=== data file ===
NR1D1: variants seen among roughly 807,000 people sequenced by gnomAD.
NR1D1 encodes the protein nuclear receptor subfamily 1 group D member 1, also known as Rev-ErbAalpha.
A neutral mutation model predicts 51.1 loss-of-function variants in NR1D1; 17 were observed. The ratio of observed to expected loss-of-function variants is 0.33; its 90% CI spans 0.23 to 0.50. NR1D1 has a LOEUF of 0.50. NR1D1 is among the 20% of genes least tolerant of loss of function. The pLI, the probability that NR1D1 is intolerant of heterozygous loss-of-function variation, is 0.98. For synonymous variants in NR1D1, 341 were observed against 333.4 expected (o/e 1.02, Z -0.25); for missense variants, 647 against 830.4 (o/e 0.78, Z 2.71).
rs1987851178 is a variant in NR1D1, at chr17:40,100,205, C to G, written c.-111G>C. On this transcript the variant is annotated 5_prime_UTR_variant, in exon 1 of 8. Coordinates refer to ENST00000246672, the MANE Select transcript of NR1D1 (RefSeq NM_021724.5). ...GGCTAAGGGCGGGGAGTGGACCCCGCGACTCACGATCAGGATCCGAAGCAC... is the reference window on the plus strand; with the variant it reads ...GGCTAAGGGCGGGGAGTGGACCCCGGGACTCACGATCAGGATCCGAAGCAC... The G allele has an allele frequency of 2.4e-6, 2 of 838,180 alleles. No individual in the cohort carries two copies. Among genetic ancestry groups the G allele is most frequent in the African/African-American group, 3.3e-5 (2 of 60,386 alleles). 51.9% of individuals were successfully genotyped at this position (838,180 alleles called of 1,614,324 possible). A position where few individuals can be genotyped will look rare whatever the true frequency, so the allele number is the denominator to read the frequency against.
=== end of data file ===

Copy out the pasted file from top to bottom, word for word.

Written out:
NR1D1: variants seen among roughly 807,000 people sequenced by gnomAD.
NR1D1 encodes the protein nuclear receptor subfamily 1 group D member 1, also known as Rev-ErbAalpha.
A neutral mutation model predicts 51.1 loss-of-function variants in NR1D1; 17 were observed. The ratio of observed to expected loss-of-function variants is 0.33; its 90% CI spans 0.23 to 0.50. NR1D1 has a LOEUF of 0.50. NR1D1 is among the 20% of genes least tolerant of loss of function. The pLI, the probability that NR1D1 is intolerant of heterozygous loss-of-function variation, is 0.98. For synonymous variants in NR1D1, 341 were observed against 333.4 expected (o/e 1.02, Z -0.25); for missense variants, 647 against 830.4 (o/e 0.78, Z 2.71).
rs1987851178 is a variant in NR1D1, at chr17:40,100,205, C to G, written c.-111G>C. On this transcript the variant is annotated 5_prime_UTR_variant, in exon 1 of 8. Coordinates refer to ENST00000246672, the MANE Select transcript of NR1D1 (RefSeq NM_021724.5). ...GGCTAAGGGCGGGGAGTGGACCCCGCGACTCACGATCAGGATCCGAAGCAC... is the reference window on the plus strand; with the variant it reads ...GGCTAAGGGCGGGGAGTGGACCCCGGGACTCACGATCAGGATCCGAAGCAC... The G allele has an allele frequency of 2.4e-6, 2 of 838,180 alleles. No individual in the cohort carries two copies. Among genetic ancestry groups the G allele is most frequent in the African/African-American group, 3.3e-5 (2 of 60,386 alleles). 51.9% of individuals were successfully genotyped at this position (838,180 alleles called of 1,614,324 possible). A position where few individuals can be genotyped will look rare whatever the true frequency, so the allele number is the denominator to read the frequency against.